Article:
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ManilART 2020 Proved That Art Continues To Draw Crowds

For the country’s national art fair, the show must go on

Held last month from December 9 to 13, the country’s national art fair pulled through with its “2020 Vision for a Future Reimagined.” The theme alludes to the necessary adjustments to sustain arts and culture in our current context; this is in line with the National Commission for Culture and the Arts (NCCA)’s 2020 theme for Museums and Galleries Month, “Engaging Exhibitions for Emerging Generations.” Patrons and art lovers were able to visit ManilART both onsite and online. At the venue, contactless visit and social distancing protocols were strictly observed. Despite fewer casual visitors (no minors below 18 allowed), art enthusiasts, collectors and buyers came with a  clear purpose.

The Apocalypse, 2020 by Romulo Galicano. | Courtesy of Manila Art
No Pandemic Can Dim The Lights On ManilART 2020


No Pandemic Can Dim The Lights On ManilART 2020

Immersed in art while staying safe

There was a sense of gathering one’s bearings through immersing oneself in fine visual arts even for just a moment.

27 galleries showcased works of their artists, who were themselves glad to have participated in the event. Renowned wood sculptor Agi Pagkatipunan remarked: “Although the crowds were not as voluminous as the previous fairs, and understandably so because of the protocols, the quality of the works and curation came out this year.” Likewise, a respected octogenarian artist also commented that this year, he only made essential trips like doctors’ appointments—making an exception for his ManilART show as it was essential to his soul.

In terms of the execution, both local and international guests were impressed with the safety protocols, with one foreign guest remarking that they wouldn't have come if they didn't see how prepared the event was.  

Dimensions: A Walk Through Diverse Reality by Jerry Morada | Courtesy of Manila Art

Setting a precedent

Hopefully, ManilART 2020’s successful practices could serve as a precedent for arts and cultural events slated to happen in the near future. Art cannot be divorced from our social contexts or society at large. ManilArt was acutely aware of the current situation, having held ART for A Cause: CovAID, an online art auction to raise funds for medical frontliners' PPEs as a quick response last March and April. This time, ManilART is not just for the collector or viewing public, but for its own cause: for the artists, galleries and the whole support infrastructure that make up the visual arts creative economy.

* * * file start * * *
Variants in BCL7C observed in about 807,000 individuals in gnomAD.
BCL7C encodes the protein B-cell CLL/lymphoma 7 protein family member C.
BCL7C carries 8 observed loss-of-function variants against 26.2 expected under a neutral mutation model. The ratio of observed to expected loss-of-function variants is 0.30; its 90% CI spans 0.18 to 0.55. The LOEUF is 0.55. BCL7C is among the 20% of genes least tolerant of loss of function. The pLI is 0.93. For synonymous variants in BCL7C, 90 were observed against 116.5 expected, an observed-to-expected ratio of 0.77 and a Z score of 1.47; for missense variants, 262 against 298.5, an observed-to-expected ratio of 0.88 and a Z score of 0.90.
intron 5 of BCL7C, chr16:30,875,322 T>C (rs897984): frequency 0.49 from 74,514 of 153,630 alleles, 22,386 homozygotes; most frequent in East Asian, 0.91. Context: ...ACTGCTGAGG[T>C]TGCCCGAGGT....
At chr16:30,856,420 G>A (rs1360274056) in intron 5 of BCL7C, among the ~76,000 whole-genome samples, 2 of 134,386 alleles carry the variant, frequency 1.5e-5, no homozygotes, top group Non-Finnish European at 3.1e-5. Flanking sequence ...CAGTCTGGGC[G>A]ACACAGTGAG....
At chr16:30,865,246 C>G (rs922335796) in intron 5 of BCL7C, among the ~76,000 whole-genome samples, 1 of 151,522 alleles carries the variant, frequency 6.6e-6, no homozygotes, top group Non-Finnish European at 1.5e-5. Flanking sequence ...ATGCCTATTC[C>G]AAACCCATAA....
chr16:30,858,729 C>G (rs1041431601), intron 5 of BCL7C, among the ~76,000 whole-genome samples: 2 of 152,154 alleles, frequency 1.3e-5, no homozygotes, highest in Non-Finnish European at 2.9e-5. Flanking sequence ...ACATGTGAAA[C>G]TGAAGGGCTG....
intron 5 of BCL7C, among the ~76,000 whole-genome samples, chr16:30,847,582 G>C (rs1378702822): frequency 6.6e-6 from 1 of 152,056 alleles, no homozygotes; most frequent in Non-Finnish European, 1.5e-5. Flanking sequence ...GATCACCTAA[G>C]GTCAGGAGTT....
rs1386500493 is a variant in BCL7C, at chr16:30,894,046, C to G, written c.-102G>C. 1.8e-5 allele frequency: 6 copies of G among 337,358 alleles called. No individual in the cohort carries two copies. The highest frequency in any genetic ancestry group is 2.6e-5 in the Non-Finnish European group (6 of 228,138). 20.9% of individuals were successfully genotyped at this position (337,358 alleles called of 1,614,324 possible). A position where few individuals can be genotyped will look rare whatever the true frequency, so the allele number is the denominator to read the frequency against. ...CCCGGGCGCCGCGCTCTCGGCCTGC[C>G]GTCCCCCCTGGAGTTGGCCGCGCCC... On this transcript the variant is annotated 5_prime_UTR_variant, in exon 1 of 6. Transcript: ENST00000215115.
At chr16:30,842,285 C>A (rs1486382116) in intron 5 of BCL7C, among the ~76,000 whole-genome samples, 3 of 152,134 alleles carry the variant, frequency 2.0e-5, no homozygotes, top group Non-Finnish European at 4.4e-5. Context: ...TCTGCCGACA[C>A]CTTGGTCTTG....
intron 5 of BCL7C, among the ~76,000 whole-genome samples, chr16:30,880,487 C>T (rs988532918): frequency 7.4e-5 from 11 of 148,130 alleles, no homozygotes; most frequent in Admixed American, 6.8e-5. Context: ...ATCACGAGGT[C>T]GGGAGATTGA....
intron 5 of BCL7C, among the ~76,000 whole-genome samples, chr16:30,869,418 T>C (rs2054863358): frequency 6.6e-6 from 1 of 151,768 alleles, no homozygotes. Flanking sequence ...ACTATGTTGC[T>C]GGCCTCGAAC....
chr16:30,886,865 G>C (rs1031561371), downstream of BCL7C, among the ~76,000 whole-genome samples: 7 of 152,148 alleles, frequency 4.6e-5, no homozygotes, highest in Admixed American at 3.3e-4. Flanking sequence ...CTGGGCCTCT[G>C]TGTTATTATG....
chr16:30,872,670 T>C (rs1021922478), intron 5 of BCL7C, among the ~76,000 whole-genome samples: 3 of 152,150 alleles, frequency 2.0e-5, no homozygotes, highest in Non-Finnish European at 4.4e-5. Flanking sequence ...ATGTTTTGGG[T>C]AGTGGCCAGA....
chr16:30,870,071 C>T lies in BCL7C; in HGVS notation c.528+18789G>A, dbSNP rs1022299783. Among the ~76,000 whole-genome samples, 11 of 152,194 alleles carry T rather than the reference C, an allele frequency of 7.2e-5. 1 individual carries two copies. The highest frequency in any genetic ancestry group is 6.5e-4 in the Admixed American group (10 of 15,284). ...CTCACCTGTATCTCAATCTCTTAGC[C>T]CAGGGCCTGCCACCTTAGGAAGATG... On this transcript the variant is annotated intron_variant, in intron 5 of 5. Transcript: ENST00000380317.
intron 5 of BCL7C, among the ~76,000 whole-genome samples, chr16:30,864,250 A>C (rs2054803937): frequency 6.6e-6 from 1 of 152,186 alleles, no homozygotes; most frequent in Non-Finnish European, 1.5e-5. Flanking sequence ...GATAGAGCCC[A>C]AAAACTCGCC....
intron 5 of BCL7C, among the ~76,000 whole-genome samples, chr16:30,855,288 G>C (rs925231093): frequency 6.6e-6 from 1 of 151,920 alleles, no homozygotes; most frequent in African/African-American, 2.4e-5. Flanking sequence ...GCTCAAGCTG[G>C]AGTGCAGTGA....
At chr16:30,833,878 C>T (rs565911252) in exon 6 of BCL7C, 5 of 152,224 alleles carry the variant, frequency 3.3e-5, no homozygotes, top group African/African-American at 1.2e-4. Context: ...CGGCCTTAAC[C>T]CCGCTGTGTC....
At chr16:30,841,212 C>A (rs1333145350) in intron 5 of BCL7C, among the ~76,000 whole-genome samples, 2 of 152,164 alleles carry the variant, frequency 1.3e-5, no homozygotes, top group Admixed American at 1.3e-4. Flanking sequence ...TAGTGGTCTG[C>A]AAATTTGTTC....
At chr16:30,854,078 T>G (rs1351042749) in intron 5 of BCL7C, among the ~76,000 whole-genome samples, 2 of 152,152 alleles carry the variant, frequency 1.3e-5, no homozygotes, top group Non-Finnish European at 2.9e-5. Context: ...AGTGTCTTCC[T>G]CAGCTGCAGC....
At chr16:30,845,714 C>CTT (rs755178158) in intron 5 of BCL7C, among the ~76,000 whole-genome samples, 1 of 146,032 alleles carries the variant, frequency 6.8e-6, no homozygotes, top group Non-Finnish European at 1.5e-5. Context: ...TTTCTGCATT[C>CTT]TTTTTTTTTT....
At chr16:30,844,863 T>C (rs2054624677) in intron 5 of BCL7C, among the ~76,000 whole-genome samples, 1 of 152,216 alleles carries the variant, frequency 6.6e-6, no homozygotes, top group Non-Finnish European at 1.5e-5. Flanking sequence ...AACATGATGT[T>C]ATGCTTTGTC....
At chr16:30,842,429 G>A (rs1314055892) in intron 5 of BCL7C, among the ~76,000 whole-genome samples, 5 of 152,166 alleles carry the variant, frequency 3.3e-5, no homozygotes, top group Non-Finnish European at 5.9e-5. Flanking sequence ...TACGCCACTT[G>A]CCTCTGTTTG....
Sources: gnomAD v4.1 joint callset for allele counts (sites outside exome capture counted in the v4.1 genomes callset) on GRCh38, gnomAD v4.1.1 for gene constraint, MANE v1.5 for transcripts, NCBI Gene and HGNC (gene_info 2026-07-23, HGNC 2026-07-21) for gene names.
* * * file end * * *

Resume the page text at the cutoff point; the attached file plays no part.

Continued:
In terms of adherence to public health protocols, pre-registration and online ticketing by Ticketbooth made for maximum no-wait efficiency and contactless entry, while Safepass’s contact tracing ensured managed capacity and safety compliance. One-way routes were followed for the entirety of the event, controlling foot traffic through managed tour routes. These tours can be seen on the fair’s official Instagram and tour map. Marshals were effective in guiding visitors, as well as ensuring that guests wore face masks and shields  properly at all times.

Food and beverages were handled with utmost care. At designated “Safehubs”, dining tables with acrylic barriers were installed, properly distanced and only in areas with high ceilings to ensure open air flow. Partner merchants such as Via Mare, Conrad Manila, and Giffard offered their meals “Grab and Go” style packaged to go with sealed utensil sets.

Inspiration at an all-time high

This year’s events prompted artists to create and showcase highly inspired works. As Pagkatipunan mentioned, the quality of the pieces rose this year. Several award-winning pieces were on display: Hyperrealist painter Ed Coronel’s American Art Award-winning works had to be seen in person to appreciate their full intricacies. There were sold-out shows, as well; including Glassmaster Ramon Orlina, steady-seller Demi Padua, in-demand Marge Organo and Michael Cacnio.

Several works focused on the coronavirus pandemic, such as Jinggoy Salcedo’s Corona, Roger San Miguel’s Life Must Go On, Jerry Morada’s Paindemic, and Anton del Castillo’s My Possession series. ManilART mainstay Romulo Galicano also exhibited The Apocalypse, an allegorical chronicle of the pandemic’s realities.

With thoughts and emotions surging this 2020, many also produced uplifting pieces that focused on hope for the future, as well as homage to the heroes of our times. For instance,  Coronel’s Diversity is a symbolic rendering of his vision of unity despite our differences. Mark Belicarpio’s Frontliners depicts a day in the life of essential workers who put their life on the line for the safety of others.

In the context of everything, ManilART 2020 carried on: to provide respite and inspiration, to protect its patrons, and to ensure that arts and culture remain relevant in our current context.

Art by Ramon Orlina | Courtesy of Manila Art

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